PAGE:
Journal of Hydrometeorology     Hybrid Journal   (Followers: 9)
Journal of Integrative Environmental Sciences     Hybrid Journal   (Followers: 4)
Journal of Meteorological Research     Full-text available via subscription   (Followers: 3)
Journal of Meteorology and Climate Science     Full-text available via subscription   (Followers: 19)
Journal of Space Weather and Space Climate     Open Access   (Followers: 30)
Journal of the Atmospheric Sciences     Hybrid Journal   (Followers: 85)
Journal of the Meteorological Society of Japan     Partially Free   (Followers: 7)
Journal of Weather Modification     Full-text available via subscription   (Followers: 3)
Mediterranean Marine Science     Open Access   (Followers: 2)
Meteorologica     Open Access   (Followers: 2)
Meteorological Applications     Open Access   (Followers: 5)
Meteorological Monographs     Hybrid Journal   (Followers: 1)
Meteorologische Zeitschrift     Full-text available via subscription   (Followers: 5)
Meteorology     Open Access   (Followers: 12)
Meteorology and Atmospheric Physics     Hybrid Journal   (Followers: 30)
Mètode Science Studies Journal : Annual Review     Open Access  
Michigan Journal of Sustainability     Open Access   (Followers: 1)
Modeling Earth Systems and Environment     Hybrid Journal   (Followers: 1)
Monthly Notices of the Royal Astronomical Society     Hybrid Journal   (Followers: 15)
Monthly Weather Review     Hybrid Journal   (Followers: 31)
Nature Climate Change     Full-text available via subscription   (Followers: 189)
Nature Reports Climate Change     Full-text available via subscription   (Followers: 41)
Nīvār     Open Access   (Followers: 1)
npj Climate and Atmospheric Science     Open Access   (Followers: 7)
Open Atmospheric Science Journal     Open Access   (Followers: 7)
Open Journal of Modern Hydrology     Open Access   (Followers: 6)
Oxford Open Climate Change     Open Access   (Followers: 7)
Revista Iberoamericana de Bioeconomía y Cambio Climático     Open Access   (Followers: 1)
Russian Meteorology and Hydrology     Hybrid Journal   (Followers: 3)
Space Weather     Full-text available via subscription   (Followers: 28)
Studia Geophysica et Geodaetica     Hybrid Journal   (Followers: 1)
Tellus A     Open Access   (Followers: 20)
Tellus B     Open Access   (Followers: 20)
The Cryosphere (TC)     Open Access   (Followers: 12)
The Quarterly Journal of the Royal Meteorological Society     Hybrid Journal   (Followers: 32)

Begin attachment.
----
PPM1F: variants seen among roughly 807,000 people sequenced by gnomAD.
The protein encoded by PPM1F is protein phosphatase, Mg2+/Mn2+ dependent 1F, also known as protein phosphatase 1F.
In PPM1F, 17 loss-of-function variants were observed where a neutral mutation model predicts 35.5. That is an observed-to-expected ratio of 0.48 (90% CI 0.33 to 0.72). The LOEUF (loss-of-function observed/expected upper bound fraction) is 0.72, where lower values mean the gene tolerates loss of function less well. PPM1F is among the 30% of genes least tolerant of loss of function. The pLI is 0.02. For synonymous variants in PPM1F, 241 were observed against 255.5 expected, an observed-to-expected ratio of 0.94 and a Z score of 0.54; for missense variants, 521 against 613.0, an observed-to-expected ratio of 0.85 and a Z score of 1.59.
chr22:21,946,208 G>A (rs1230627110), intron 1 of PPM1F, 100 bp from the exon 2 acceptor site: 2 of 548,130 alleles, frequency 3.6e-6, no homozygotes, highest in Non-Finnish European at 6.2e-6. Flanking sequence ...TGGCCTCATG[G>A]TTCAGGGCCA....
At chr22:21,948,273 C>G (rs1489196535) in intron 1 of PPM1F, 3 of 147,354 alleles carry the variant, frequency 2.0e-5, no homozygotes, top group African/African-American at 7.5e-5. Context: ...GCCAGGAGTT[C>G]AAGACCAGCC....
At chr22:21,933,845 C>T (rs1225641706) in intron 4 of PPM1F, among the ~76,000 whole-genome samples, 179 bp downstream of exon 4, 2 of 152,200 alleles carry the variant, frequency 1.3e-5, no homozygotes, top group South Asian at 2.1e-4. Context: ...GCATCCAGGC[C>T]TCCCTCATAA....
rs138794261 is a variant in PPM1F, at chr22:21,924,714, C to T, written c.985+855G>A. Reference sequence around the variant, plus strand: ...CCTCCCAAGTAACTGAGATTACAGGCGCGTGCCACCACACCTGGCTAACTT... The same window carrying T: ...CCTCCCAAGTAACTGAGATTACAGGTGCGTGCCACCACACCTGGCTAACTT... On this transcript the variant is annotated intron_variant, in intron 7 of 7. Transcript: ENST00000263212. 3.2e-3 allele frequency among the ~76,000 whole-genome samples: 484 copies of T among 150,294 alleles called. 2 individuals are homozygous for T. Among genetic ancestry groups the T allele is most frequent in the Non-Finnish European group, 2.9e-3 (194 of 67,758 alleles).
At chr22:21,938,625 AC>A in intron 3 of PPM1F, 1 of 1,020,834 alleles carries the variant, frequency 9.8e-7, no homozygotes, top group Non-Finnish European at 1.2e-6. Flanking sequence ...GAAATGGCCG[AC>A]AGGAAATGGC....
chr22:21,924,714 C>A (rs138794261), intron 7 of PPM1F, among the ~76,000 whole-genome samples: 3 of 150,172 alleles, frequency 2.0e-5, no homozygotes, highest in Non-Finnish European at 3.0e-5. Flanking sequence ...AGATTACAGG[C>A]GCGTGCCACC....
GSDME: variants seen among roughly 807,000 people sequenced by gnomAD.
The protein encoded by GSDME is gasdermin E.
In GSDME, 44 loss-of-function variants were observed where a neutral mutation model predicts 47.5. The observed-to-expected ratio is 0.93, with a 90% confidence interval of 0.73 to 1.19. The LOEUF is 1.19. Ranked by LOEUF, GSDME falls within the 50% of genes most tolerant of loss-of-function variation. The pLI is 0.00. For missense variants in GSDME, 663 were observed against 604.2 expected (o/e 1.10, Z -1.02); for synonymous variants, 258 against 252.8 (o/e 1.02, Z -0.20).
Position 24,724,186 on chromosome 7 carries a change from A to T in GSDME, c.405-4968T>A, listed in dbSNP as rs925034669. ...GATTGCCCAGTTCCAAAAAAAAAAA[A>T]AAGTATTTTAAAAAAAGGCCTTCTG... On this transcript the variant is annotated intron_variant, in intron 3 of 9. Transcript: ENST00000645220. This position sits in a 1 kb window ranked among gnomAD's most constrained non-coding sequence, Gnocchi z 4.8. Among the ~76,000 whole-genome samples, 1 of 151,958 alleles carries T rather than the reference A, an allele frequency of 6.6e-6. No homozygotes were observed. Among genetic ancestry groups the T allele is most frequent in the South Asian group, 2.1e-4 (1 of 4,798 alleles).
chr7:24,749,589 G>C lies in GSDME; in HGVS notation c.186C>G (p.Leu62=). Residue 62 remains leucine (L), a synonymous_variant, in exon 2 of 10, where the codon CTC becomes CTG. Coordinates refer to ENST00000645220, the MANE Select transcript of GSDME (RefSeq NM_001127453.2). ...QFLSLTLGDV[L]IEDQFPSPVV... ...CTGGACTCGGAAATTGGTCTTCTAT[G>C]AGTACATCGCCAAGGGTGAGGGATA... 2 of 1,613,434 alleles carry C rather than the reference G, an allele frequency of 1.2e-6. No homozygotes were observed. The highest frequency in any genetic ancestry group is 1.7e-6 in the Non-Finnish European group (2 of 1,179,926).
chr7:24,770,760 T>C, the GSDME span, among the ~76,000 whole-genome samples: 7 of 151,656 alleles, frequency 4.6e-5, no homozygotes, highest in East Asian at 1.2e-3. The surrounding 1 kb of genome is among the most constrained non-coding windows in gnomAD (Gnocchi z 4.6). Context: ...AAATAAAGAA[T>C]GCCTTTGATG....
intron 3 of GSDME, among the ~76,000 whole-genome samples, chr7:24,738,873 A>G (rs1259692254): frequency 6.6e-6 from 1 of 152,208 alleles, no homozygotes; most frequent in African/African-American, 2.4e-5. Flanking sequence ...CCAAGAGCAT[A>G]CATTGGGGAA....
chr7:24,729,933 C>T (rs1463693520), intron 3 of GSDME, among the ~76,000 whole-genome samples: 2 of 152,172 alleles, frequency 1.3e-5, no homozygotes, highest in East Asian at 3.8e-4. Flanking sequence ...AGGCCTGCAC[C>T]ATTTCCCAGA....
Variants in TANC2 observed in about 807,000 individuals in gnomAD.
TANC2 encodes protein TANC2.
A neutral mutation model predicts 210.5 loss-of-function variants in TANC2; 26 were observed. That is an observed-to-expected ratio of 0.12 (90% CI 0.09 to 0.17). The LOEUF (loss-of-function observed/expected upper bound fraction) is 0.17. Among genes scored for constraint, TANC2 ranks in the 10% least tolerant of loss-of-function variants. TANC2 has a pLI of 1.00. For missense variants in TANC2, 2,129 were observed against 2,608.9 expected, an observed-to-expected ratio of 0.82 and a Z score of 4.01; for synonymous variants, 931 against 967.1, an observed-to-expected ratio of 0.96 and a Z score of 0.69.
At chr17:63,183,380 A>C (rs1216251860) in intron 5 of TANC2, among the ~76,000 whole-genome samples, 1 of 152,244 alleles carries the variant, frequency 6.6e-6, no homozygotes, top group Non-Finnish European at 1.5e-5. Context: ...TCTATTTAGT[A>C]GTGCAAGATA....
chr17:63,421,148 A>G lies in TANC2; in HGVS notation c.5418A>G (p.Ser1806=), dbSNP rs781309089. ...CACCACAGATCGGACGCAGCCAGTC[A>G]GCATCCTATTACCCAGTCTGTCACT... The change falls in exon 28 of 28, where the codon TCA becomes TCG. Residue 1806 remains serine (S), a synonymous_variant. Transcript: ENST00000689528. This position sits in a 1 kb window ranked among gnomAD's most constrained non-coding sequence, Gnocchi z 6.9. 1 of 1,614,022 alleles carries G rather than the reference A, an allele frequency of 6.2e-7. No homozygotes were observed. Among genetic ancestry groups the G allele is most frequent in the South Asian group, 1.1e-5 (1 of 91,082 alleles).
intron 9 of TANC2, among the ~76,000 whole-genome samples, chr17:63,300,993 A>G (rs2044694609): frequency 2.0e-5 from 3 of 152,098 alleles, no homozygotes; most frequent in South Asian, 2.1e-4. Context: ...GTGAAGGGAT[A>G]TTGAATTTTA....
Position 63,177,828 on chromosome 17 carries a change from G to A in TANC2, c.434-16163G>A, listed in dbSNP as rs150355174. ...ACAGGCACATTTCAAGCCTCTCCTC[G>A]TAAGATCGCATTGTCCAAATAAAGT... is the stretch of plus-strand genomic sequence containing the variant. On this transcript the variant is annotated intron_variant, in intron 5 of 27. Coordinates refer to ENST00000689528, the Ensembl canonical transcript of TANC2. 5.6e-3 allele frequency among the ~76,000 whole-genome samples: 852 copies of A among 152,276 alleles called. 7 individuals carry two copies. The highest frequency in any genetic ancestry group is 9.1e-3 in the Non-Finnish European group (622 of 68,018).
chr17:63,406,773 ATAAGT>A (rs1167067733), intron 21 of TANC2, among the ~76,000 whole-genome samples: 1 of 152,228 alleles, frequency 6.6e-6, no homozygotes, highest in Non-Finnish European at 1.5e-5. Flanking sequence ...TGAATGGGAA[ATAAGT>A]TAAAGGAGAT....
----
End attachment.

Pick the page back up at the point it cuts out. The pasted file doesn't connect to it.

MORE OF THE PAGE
Theoretical and Applied Climatology     Hybrid Journal   (Followers: 13)
Tropical Cyclone Research and Review     Open Access   (Followers: 1)
Urban Climate     Hybrid Journal   (Followers: 4)
Weather and Climate Dynamics     Open Access   (Followers: 3)
Weather and Climate Extremes     Open Access   (Followers: 17)
Weather and Forecasting     Hybrid Journal   (Followers: 42)
Weatherwise     Hybrid Journal   (Followers: 18)
气候与环境研究     Full-text available via subscription   (Followers: 2)

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Advances in Meteorology
Journal Prestige (SJR): 0.48
Citation Impact (citeScore): 1
Number of Followers: 25  

  This is an Open Access Journal Open Access journal
ISSN (Print) 1687-9309 - ISSN (Online) 1687-9317
Published by Hindawi Homepage  [339 journals]
  • The Interannual Relationship between the Diabatic Heating over the South
           Asia and the Snow Depth over the Southern Tibetan Plateau in Late Spring
           to Early Summer: Roles of the Air Temperature

    • Abstract: The southern Tibetan Plateau (TP) is snow covered during cold season but exhibits faster snow melting in early summer. Using in situ observations and improved satellite-derived data, the present study indicates that the snow depth (SD) over the southern TP exhibits distinction characteristics between late spring (i.e., P1: April 16th–May 15th) and early summer (i.e., P2: May 16th–June 14th). In terms of climate states, the snow melting rate over the southern TP in P2 is faster than that in P1. The acceleration of snow melting during P2 is mainly found over high elevation areas caused by the increase of local air temperature. Diagnoses of the thermodynamic equation further demonstrate that the warming over the southern TP during the two periods is mainly attributed to the meridional temperature advection and diabatic heating in situ. On the interannual time scale, the SD over the southern TP is closely related to diabatic heating over South Asia. During P1, the diabatic cooling from the southern Bay of Bengal eastward to the western South China Sea suppresses convection over the Bay of Bengal and southern TP and has resulted in an upper-level anomalous cyclone and cold temperature anomalies from the surface to 200 hPa over the southern TP, favoring the above-normal SD over the southern TP. On the other hand, SD over the southern TP in P2 is closely related to diabatic cooling over the northern Indochina Peninsula and diabatic heating over the southern China. But we could not prove that these diabatic heating anomalies can affect the SD over the southern TP by modulating local surface air temperature. This may be limited by the quality of the data and the simulation capability of the simple model.